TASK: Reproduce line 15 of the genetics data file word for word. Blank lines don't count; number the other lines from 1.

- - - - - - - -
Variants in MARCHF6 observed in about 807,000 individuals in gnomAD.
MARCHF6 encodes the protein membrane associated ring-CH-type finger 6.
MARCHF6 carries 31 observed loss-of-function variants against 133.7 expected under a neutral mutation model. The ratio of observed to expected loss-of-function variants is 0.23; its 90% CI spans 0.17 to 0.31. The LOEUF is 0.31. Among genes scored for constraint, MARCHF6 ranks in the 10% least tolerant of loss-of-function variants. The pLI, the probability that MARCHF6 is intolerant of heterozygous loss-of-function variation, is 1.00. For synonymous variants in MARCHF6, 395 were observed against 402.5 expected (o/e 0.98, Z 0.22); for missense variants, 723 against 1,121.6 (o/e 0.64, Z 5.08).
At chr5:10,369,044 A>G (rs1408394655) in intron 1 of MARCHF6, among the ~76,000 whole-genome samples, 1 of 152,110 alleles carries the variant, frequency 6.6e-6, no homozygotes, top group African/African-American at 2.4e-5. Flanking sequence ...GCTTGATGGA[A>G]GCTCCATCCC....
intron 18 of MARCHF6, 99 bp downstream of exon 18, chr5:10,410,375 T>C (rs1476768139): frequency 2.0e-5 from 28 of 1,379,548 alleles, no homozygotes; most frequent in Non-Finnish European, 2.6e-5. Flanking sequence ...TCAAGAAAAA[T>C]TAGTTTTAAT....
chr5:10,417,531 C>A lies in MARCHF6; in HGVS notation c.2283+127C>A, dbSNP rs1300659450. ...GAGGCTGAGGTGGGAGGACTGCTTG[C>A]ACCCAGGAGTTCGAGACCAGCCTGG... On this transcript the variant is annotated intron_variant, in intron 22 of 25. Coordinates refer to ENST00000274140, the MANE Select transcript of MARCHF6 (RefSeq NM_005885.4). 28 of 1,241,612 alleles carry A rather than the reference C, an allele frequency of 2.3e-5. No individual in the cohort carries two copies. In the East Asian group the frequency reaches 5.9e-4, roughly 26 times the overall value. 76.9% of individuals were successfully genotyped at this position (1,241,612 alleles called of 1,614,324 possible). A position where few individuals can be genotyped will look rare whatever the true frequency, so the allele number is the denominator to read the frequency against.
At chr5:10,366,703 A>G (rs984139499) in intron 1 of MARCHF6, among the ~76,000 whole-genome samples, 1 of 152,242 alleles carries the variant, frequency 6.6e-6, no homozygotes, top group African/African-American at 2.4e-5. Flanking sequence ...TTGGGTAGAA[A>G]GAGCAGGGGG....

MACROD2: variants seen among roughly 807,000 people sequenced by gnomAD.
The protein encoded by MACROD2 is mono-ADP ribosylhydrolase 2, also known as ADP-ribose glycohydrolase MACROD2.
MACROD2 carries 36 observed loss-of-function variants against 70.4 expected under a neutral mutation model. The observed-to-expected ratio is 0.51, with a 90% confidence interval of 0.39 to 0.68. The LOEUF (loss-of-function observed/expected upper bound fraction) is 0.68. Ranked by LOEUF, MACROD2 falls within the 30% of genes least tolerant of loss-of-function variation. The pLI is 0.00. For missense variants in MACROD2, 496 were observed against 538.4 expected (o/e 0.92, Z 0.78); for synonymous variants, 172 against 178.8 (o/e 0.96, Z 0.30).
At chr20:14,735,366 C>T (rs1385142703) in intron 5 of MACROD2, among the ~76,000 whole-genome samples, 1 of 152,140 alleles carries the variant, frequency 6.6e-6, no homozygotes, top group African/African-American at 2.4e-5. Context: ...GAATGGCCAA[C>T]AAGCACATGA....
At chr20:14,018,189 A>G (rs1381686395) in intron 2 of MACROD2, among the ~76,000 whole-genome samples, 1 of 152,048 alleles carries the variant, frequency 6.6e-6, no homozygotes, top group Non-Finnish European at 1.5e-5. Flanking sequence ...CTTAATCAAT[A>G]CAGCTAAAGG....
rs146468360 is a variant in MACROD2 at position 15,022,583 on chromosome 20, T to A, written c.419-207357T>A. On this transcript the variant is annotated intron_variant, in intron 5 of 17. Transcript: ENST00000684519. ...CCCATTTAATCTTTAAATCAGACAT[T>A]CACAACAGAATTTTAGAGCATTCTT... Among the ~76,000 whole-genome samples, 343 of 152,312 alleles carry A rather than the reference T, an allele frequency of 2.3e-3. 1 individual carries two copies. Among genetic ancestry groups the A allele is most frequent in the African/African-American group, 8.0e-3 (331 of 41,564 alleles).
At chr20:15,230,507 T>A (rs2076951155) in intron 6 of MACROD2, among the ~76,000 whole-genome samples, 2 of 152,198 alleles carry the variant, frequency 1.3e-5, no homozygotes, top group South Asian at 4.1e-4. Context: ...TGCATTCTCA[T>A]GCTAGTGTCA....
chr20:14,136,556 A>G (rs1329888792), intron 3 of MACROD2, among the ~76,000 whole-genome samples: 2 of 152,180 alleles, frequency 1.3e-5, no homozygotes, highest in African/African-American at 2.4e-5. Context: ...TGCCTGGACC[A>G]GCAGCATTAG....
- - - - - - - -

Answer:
chr20:14,136,556 A>G (rs1329888792), intron 3 of MACROD2, among the ~76,000 whole-genome samples: 2 of 152,180 alleles, frequency 1.3e-5, no homozygotes, highest in African/African-American at 2.4e-5. Context: ...TGCCTGGACC[A>G]GCAGCATTAG....